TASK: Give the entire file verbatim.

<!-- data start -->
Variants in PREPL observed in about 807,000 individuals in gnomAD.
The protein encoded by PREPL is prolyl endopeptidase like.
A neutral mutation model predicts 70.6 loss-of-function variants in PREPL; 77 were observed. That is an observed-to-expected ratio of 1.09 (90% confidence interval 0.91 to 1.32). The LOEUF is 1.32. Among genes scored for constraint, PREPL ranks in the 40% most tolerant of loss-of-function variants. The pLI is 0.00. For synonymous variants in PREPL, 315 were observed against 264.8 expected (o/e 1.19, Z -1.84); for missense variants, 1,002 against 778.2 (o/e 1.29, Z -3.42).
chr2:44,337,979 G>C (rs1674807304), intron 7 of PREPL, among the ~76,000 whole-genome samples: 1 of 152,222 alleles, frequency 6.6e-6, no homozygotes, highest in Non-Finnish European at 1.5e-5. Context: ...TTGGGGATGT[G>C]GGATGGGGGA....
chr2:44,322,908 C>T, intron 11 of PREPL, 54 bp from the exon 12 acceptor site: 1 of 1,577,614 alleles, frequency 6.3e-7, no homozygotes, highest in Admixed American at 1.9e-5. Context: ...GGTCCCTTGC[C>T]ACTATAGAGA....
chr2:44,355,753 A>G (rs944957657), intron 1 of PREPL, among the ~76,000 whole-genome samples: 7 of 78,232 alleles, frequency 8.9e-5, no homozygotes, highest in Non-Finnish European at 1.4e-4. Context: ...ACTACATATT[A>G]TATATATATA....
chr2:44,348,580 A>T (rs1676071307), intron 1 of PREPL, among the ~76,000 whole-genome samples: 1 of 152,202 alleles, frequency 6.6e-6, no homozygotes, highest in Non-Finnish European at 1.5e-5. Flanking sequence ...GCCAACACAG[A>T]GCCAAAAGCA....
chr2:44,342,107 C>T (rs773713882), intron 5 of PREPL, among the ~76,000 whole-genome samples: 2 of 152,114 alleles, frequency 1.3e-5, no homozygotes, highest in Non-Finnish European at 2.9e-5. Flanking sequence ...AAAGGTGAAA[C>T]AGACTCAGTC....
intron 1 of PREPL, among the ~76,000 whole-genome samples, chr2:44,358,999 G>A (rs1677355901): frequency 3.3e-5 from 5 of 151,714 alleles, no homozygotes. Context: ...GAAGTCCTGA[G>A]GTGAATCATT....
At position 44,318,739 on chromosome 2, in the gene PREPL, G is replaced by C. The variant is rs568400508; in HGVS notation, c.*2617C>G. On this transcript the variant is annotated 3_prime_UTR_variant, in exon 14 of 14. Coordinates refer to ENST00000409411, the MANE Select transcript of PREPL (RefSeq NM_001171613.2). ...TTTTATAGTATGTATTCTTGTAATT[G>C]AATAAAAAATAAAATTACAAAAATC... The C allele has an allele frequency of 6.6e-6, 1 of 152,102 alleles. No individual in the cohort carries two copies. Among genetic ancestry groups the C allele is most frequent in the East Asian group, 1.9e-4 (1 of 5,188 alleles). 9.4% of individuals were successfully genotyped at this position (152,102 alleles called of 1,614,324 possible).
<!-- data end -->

Variants in PREPL observed in about 807,000 individuals in gnomAD.
The protein encoded by PREPL is prolyl endopeptidase like.
A neutral mutation model predicts 70.6 loss-of-function variants in PREPL; 77 were observed. That is an observed-to-expected ratio of 1.09 (90% confidence interval 0.91 to 1.32). The LOEUF is 1.32. Among genes scored for constraint, PREPL ranks in the 40% most tolerant of loss-of-function variants. The pLI is 0.00. For synonymous variants in PREPL, 315 were observed against 264.8 expected (o/e 1.19, Z -1.84); for missense variants, 1,002 against 778.2 (o/e 1.29, Z -3.42).
chr2:44,337,979 G>C (rs1674807304), intron 7 of PREPL, among the ~76,000 whole-genome samples: 1 of 152,222 alleles, frequency 6.6e-6, no homozygotes, highest in Non-Finnish European at 1.5e-5. Context: ...TTGGGGATGT[G>C]GGATGGGGGA....
chr2:44,322,908 C>T, intron 11 of PREPL, 54 bp from the exon 12 acceptor site: 1 of 1,577,614 alleles, frequency 6.3e-7, no homozygotes, highest in Admixed American at 1.9e-5. Context: ...GGTCCCTTGC[C>T]ACTATAGAGA....
chr2:44,355,753 A>G (rs944957657), intron 1 of PREPL, among the ~76,000 whole-genome samples: 7 of 78,232 alleles, frequency 8.9e-5, no homozygotes, highest in Non-Finnish European at 1.4e-4. Context: ...ACTACATATT[A>G]TATATATATA....
chr2:44,348,580 A>T (rs1676071307), intron 1 of PREPL, among the ~76,000 whole-genome samples: 1 of 152,202 alleles, frequency 6.6e-6, no homozygotes, highest in Non-Finnish European at 1.5e-5. Flanking sequence ...GCCAACACAG[A>T]GCCAAAAGCA....
chr2:44,342,107 C>T (rs773713882), intron 5 of PREPL, among the ~76,000 whole-genome samples: 2 of 152,114 alleles, frequency 1.3e-5, no homozygotes, highest in Non-Finnish European at 2.9e-5. Flanking sequence ...AAAGGTGAAA[C>T]AGACTCAGTC....
intron 1 of PREPL, among the ~76,000 whole-genome samples, chr2:44,358,999 G>A (rs1677355901): frequency 3.3e-5 from 5 of 151,714 alleles, no homozygotes. Context: ...GAAGTCCTGA[G>A]GTGAATCATT....
At position 44,318,739 on chromosome 2, in the gene PREPL, G is replaced by C. The variant is rs568400508; in HGVS notation, c.*2617C>G. On this transcript the variant is annotated 3_prime_UTR_variant, in exon 14 of 14. Coordinates refer to ENST00000409411, the MANE Select transcript of PREPL (RefSeq NM_001171613.2). ...TTTTATAGTATGTATTCTTGTAATT[G>C]AATAAAAAATAAAATTACAAAAATC... The C allele has an allele frequency of 6.6e-6, 1 of 152,102 alleles. No individual in the cohort carries two copies. Among genetic ancestry groups the C allele is most frequent in the East Asian group, 1.9e-4 (1 of 5,188 alleles). 9.4% of individuals were successfully genotyped at this position (152,102 alleles called of 1,614,324 possible).